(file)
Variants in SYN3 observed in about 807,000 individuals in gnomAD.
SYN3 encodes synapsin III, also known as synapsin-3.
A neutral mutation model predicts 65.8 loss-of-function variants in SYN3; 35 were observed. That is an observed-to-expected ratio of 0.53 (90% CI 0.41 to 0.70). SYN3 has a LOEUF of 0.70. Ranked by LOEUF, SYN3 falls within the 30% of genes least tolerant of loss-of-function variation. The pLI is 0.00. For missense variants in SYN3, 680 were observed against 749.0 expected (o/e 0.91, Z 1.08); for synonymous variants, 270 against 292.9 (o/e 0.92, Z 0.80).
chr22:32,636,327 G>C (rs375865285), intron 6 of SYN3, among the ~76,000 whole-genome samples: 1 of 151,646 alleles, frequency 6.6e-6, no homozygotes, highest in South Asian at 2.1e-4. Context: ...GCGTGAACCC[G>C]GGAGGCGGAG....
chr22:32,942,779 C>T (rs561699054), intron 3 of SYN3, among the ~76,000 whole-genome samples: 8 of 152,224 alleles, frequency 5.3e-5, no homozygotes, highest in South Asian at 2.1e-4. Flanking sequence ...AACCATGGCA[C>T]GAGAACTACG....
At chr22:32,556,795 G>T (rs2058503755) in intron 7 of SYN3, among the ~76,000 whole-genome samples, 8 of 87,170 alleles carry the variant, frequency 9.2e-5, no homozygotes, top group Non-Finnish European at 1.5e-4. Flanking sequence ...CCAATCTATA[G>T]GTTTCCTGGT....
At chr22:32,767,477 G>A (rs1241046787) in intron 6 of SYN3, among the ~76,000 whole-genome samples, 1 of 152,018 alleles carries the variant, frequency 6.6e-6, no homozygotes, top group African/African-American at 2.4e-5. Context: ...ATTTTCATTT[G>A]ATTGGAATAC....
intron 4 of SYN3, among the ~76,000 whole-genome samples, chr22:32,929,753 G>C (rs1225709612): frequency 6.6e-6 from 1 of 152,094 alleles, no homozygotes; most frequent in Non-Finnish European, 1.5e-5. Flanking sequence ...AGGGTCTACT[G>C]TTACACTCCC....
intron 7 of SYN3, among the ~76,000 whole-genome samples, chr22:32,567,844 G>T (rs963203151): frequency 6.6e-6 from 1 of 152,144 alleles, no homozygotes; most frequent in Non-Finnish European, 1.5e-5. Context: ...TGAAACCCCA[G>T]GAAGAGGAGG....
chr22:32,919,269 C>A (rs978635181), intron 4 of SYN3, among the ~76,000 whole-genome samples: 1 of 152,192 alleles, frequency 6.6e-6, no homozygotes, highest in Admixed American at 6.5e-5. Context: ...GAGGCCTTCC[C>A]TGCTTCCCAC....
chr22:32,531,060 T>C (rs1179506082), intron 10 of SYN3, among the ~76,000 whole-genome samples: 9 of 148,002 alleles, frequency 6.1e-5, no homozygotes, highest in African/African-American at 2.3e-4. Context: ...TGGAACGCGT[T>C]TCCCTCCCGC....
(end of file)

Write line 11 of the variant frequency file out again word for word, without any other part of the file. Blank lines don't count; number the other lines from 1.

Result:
chr22:32,531,060 T>C (rs1179506082), intron 10 of SYN3, among the ~76,000 whole-genome samples: 9 of 148,002 alleles, frequency 6.1e-5, no homozygotes, highest in African/African-American at 2.3e-4. Context: ...TGGAACGCGT[T>C]TCCCTCCCGC....